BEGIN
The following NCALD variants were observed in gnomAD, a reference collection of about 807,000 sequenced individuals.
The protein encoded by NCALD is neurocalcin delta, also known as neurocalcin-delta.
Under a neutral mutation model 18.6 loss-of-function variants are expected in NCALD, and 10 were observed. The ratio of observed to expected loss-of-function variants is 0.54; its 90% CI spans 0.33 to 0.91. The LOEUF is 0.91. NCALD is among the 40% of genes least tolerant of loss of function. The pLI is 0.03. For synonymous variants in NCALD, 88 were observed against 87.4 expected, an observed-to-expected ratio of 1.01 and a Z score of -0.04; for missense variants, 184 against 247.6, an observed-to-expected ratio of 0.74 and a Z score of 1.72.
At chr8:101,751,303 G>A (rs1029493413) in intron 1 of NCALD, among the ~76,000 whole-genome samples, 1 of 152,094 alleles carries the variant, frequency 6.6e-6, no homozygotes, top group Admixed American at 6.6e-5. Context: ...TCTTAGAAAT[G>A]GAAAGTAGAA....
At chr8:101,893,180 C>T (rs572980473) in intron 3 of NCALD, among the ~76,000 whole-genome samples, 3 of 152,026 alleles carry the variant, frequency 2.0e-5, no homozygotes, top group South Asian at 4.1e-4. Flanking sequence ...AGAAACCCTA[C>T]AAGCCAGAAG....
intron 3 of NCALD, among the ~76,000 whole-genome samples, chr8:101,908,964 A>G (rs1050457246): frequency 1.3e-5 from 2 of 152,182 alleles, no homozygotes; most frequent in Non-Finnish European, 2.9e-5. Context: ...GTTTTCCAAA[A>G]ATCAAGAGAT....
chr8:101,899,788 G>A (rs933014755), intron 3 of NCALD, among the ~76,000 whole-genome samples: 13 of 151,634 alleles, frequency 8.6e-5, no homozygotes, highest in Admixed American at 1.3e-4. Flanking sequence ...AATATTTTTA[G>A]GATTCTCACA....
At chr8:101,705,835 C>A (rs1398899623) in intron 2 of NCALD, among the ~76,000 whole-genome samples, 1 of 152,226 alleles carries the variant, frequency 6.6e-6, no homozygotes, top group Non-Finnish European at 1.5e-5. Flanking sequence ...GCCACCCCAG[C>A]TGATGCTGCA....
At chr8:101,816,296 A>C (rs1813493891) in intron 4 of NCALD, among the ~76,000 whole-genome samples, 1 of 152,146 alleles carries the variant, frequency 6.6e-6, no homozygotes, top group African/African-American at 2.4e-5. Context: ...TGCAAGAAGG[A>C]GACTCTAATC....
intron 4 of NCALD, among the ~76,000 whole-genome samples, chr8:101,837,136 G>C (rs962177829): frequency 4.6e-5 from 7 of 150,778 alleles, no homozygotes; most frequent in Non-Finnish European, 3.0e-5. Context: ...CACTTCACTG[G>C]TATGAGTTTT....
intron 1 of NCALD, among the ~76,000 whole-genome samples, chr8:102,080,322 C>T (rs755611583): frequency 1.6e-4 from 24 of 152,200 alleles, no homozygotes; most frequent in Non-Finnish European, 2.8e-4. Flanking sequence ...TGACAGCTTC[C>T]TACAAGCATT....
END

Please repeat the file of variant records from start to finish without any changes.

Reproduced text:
The following NCALD variants were observed in gnomAD, a reference collection of about 807,000 sequenced individuals.
The protein encoded by NCALD is neurocalcin delta, also known as neurocalcin-delta.
Under a neutral mutation model 18.6 loss-of-function variants are expected in NCALD, and 10 were observed. The ratio of observed to expected loss-of-function variants is 0.54; its 90% CI spans 0.33 to 0.91. The LOEUF is 0.91. NCALD is among the 40% of genes least tolerant of loss of function. The pLI is 0.03. For synonymous variants in NCALD, 88 were observed against 87.4 expected, an observed-to-expected ratio of 1.01 and a Z score of -0.04; for missense variants, 184 against 247.6, an observed-to-expected ratio of 0.74 and a Z score of 1.72.
At chr8:101,751,303 G>A (rs1029493413) in intron 1 of NCALD, among the ~76,000 whole-genome samples, 1 of 152,094 alleles carries the variant, frequency 6.6e-6, no homozygotes, top group Admixed American at 6.6e-5. Context: ...TCTTAGAAAT[G>A]GAAAGTAGAA....
At chr8:101,893,180 C>T (rs572980473) in intron 3 of NCALD, among the ~76,000 whole-genome samples, 3 of 152,026 alleles carry the variant, frequency 2.0e-5, no homozygotes, top group South Asian at 4.1e-4. Flanking sequence ...AGAAACCCTA[C>T]AAGCCAGAAG....
intron 3 of NCALD, among the ~76,000 whole-genome samples, chr8:101,908,964 A>G (rs1050457246): frequency 1.3e-5 from 2 of 152,182 alleles, no homozygotes; most frequent in Non-Finnish European, 2.9e-5. Context: ...GTTTTCCAAA[A>G]ATCAAGAGAT....
chr8:101,899,788 G>A (rs933014755), intron 3 of NCALD, among the ~76,000 whole-genome samples: 13 of 151,634 alleles, frequency 8.6e-5, no homozygotes, highest in Admixed American at 1.3e-4. Flanking sequence ...AATATTTTTA[G>A]GATTCTCACA....
At chr8:101,705,835 C>A (rs1398899623) in intron 2 of NCALD, among the ~76,000 whole-genome samples, 1 of 152,226 alleles carries the variant, frequency 6.6e-6, no homozygotes, top group Non-Finnish European at 1.5e-5. Flanking sequence ...GCCACCCCAG[C>A]TGATGCTGCA....
At chr8:101,816,296 A>C (rs1813493891) in intron 4 of NCALD, among the ~76,000 whole-genome samples, 1 of 152,146 alleles carries the variant, frequency 6.6e-6, no homozygotes, top group African/African-American at 2.4e-5. Context: ...TGCAAGAAGG[A>C]GACTCTAATC....
intron 4 of NCALD, among the ~76,000 whole-genome samples, chr8:101,837,136 G>C (rs962177829): frequency 4.6e-5 from 7 of 150,778 alleles, no homozygotes; most frequent in Non-Finnish European, 3.0e-5. Context: ...CACTTCACTG[G>C]TATGAGTTTT....
intron 1 of NCALD, among the ~76,000 whole-genome samples, chr8:102,080,322 C>T (rs755611583): frequency 1.6e-4 from 24 of 152,200 alleles, no homozygotes; most frequent in Non-Finnish European, 2.8e-4. Flanking sequence ...TGACAGCTTC[C>T]TACAAGCATT....